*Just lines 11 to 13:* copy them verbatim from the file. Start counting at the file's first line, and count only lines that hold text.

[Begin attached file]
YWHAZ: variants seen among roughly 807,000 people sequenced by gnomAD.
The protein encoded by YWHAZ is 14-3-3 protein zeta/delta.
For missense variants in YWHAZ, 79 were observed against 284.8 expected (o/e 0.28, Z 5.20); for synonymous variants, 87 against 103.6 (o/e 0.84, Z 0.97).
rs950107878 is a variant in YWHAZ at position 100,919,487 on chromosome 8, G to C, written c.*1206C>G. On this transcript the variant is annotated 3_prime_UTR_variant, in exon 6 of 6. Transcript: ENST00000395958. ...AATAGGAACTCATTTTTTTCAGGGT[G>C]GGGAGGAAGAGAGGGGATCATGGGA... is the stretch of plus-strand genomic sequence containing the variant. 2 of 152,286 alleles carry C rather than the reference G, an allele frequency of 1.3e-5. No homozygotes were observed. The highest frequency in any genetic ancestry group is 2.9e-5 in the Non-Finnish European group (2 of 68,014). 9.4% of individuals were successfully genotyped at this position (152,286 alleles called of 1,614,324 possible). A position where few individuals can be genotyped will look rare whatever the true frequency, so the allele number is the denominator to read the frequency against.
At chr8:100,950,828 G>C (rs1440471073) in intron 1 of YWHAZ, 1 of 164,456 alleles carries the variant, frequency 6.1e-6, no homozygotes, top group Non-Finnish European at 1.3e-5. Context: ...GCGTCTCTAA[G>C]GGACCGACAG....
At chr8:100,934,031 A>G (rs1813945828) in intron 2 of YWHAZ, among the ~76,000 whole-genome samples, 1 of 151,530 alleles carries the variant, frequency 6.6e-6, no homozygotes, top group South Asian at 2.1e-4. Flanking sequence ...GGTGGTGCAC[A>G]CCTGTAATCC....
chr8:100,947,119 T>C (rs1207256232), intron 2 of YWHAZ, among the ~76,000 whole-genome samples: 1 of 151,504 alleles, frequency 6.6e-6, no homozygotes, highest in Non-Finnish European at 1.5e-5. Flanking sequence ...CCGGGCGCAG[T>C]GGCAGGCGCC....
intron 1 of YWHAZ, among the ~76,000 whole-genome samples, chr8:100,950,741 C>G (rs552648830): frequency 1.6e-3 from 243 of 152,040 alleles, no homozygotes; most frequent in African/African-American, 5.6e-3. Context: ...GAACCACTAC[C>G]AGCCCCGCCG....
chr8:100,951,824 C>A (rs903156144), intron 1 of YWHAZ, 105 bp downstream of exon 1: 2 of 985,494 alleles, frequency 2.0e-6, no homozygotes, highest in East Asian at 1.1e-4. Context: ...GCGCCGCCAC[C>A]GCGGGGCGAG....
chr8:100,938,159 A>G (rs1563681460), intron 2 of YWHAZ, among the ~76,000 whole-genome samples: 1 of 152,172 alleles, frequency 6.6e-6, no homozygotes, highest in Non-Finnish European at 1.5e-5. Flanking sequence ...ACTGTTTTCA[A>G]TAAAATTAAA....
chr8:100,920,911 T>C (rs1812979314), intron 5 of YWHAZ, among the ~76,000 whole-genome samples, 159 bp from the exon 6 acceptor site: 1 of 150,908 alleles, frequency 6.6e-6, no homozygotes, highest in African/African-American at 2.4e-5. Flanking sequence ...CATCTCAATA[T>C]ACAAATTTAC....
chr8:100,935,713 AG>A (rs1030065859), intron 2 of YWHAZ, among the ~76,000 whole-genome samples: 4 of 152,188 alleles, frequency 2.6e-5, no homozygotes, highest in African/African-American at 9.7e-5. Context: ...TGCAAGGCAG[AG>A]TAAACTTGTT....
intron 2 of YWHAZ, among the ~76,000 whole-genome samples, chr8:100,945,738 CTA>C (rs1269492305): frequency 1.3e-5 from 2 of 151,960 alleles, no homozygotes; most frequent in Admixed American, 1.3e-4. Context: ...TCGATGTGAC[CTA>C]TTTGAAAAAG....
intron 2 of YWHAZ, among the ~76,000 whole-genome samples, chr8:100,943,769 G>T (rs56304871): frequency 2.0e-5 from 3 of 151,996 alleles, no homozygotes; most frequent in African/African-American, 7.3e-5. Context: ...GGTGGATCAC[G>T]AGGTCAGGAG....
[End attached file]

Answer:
chr8:100,920,911 T>C (rs1812979314), intron 5 of YWHAZ, among the ~76,000 whole-genome samples, 159 bp from the exon 6 acceptor site: 1 of 150,908 alleles, frequency 6.6e-6, no homozygotes, highest in African/African-American at 2.4e-5. Flanking sequence ...CATCTCAATA[T>C]ACAAATTTAC....
chr8:100,935,713 AG>A (rs1030065859), intron 2 of YWHAZ, among the ~76,000 whole-genome samples: 4 of 152,188 alleles, frequency 2.6e-5, no homozygotes, highest in African/African-American at 9.7e-5. Context: ...TGCAAGGCAG[AG>A]TAAACTTGTT....
intron 2 of YWHAZ, among the ~76,000 whole-genome samples, chr8:100,945,738 CTA>C (rs1269492305): frequency 1.3e-5 from 2 of 151,960 alleles, no homozygotes; most frequent in Admixed American, 1.3e-4. Context: ...TCGATGTGAC[CTA>C]TTTGAAAAAG....